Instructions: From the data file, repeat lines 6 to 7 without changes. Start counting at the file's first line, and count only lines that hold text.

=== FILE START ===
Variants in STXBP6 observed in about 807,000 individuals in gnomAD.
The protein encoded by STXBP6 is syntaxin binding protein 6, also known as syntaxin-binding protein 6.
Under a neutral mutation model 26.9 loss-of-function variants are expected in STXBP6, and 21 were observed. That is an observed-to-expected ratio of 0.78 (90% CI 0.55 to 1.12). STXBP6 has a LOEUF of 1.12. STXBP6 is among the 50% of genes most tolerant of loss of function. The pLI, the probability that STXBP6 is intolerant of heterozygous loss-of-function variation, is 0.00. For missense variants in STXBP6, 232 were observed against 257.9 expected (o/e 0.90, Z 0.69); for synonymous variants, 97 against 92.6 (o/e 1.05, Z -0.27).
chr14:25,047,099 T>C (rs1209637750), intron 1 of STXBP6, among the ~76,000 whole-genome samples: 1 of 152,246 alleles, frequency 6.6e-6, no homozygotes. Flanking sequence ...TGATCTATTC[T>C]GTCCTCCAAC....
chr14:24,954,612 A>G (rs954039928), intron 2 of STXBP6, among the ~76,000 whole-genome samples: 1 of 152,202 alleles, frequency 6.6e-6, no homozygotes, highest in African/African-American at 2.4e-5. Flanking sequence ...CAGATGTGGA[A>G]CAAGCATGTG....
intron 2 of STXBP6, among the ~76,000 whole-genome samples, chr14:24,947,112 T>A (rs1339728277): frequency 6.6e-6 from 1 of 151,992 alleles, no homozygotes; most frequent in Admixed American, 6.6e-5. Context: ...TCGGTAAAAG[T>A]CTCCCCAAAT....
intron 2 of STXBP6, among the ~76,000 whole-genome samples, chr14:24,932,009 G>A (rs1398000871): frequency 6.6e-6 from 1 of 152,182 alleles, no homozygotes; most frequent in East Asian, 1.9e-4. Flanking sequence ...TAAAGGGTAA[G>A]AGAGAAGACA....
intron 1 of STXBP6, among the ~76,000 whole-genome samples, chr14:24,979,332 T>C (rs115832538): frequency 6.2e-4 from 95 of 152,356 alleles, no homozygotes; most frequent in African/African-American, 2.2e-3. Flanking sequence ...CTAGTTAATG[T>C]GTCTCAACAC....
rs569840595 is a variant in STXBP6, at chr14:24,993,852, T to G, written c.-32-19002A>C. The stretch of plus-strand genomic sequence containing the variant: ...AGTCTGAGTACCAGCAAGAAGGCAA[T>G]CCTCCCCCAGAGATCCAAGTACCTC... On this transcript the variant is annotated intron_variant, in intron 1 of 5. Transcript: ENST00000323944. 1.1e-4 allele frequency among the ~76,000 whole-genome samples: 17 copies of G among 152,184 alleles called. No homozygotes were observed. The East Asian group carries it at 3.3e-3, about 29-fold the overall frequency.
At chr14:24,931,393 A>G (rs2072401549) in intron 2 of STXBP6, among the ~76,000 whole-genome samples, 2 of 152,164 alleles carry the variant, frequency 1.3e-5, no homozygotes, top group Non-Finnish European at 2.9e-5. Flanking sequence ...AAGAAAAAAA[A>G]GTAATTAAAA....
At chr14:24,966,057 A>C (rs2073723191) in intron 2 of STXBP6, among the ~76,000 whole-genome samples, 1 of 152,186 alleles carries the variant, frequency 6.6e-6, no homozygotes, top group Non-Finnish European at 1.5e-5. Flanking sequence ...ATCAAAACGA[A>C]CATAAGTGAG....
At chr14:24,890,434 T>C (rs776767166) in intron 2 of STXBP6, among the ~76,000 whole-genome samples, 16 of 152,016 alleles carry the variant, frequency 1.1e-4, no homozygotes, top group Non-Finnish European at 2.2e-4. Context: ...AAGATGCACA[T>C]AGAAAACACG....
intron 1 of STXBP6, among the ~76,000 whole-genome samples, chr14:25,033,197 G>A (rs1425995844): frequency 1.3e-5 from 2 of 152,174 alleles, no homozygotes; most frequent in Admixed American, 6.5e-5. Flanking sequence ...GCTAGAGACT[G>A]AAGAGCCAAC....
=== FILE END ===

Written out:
intron 2 of STXBP6, among the ~76,000 whole-genome samples, chr14:24,947,112 T>A (rs1339728277): frequency 6.6e-6 from 1 of 151,992 alleles, no homozygotes; most frequent in Admixed American, 6.6e-5. Context: ...TCGGTAAAAG[T>A]CTCCCCAAAT....
intron 2 of STXBP6, among the ~76,000 whole-genome samples, chr14:24,932,009 G>A (rs1398000871): frequency 6.6e-6 from 1 of 152,182 alleles, no homozygotes; most frequent in East Asian, 1.9e-4. Flanking sequence ...TAAAGGGTAA[G>A]AGAGAAGACA....